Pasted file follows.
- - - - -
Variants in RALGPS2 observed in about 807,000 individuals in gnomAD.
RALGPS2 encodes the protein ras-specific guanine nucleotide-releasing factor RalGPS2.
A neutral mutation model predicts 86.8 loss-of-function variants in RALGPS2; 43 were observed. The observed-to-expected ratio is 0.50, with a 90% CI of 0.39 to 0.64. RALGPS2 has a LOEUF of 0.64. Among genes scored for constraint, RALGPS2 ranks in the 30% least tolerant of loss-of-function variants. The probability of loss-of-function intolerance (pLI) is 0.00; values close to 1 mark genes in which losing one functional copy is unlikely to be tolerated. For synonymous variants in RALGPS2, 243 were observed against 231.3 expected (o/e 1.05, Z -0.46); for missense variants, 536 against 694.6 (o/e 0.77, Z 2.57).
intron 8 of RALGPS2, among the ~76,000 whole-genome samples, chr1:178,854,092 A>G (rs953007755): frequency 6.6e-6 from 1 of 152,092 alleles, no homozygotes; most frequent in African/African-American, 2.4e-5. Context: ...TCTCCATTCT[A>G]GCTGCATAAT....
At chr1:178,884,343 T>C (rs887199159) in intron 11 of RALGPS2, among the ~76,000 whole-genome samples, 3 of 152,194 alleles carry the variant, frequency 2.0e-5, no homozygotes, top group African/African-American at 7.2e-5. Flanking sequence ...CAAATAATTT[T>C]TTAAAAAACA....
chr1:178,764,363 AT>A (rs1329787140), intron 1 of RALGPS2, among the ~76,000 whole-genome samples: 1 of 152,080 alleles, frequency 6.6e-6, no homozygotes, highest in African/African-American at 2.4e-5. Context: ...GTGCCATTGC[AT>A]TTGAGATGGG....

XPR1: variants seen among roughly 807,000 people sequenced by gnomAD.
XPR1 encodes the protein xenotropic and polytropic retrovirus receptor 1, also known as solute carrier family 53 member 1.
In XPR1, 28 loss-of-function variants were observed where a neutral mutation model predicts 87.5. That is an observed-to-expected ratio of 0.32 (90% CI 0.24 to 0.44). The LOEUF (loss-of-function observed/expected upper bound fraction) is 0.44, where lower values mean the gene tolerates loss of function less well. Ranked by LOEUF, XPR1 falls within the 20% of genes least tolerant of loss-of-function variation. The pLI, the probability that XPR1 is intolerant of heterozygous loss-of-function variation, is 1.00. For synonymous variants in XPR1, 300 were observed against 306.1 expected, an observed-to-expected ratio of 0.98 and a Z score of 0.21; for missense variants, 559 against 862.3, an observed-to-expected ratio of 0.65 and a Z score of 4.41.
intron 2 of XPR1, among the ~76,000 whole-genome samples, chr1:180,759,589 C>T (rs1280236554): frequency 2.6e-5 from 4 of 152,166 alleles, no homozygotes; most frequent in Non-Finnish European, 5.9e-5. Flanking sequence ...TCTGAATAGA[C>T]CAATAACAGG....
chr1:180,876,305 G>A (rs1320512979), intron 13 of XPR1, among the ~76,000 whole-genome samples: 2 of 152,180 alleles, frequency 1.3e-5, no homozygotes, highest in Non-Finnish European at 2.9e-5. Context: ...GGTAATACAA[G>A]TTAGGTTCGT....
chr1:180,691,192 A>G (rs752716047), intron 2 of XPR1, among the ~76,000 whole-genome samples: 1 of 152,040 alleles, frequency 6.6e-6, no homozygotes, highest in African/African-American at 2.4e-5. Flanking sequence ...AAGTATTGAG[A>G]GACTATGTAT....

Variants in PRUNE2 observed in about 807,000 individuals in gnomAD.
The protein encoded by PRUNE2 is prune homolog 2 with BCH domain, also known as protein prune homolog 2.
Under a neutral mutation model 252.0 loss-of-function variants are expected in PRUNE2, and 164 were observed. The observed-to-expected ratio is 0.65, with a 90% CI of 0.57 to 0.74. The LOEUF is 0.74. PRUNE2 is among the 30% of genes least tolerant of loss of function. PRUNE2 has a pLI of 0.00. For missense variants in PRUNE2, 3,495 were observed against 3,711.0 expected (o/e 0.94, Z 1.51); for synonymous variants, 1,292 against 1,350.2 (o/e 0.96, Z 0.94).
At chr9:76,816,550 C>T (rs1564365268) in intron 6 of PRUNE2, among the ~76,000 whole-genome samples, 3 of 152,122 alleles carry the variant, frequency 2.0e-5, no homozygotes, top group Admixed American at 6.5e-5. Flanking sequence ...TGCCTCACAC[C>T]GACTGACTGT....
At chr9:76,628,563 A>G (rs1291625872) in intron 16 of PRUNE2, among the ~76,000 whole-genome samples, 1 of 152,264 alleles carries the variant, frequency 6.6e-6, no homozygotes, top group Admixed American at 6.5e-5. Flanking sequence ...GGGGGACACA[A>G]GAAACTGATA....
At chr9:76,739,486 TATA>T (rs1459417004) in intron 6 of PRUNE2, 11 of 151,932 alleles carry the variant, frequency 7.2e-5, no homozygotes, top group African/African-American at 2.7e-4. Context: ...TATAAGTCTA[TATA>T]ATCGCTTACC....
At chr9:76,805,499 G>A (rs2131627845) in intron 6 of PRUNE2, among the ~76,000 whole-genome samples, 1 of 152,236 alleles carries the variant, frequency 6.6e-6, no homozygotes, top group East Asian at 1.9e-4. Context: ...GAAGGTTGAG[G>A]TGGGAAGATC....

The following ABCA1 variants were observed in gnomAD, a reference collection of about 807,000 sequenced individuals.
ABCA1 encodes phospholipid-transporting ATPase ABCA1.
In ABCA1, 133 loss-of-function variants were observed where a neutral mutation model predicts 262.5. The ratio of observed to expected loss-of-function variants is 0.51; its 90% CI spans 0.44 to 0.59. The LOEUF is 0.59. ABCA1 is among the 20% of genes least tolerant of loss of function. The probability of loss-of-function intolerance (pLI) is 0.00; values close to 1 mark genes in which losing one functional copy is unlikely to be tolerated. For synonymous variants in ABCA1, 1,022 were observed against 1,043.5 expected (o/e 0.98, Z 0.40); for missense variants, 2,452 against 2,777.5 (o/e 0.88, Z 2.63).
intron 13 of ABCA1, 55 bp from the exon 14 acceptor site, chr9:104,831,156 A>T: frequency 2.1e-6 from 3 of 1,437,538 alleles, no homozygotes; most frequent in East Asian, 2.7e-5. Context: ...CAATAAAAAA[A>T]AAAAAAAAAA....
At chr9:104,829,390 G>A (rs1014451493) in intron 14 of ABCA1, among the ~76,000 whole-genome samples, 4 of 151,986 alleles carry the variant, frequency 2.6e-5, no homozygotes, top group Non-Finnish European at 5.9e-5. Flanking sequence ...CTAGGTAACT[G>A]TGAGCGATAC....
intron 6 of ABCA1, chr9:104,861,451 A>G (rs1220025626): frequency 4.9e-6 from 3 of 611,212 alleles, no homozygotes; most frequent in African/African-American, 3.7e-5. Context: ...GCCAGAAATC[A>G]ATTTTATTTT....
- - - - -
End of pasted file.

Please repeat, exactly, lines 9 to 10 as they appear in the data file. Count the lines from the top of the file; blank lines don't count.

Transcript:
In XPR1, 28 loss-of-function variants were observed where a neutral mutation model predicts 87.5. That is an observed-to-expected ratio of 0.32 (90% CI 0.24 to 0.44). The LOEUF (loss-of-function observed/expected upper bound fraction) is 0.44, where lower values mean the gene tolerates loss of function less well. Ranked by LOEUF, XPR1 falls within the 20% of genes least tolerant of loss-of-function variation. The pLI, the probability that XPR1 is intolerant of heterozygous loss-of-function variation, is 1.00. For synonymous variants in XPR1, 300 were observed against 306.1 expected, an observed-to-expected ratio of 0.98 and a Z score of 0.21; for missense variants, 559 against 862.3, an observed-to-expected ratio of 0.65 and a Z score of 4.41.
intron 2 of XPR1, among the ~76,000 whole-genome samples, chr1:180,759,589 C>T (rs1280236554): frequency 2.6e-5 from 4 of 152,166 alleles, no homozygotes; most frequent in Non-Finnish European, 5.9e-5. Flanking sequence ...TCTGAATAGA[C>T]CAATAACAGG....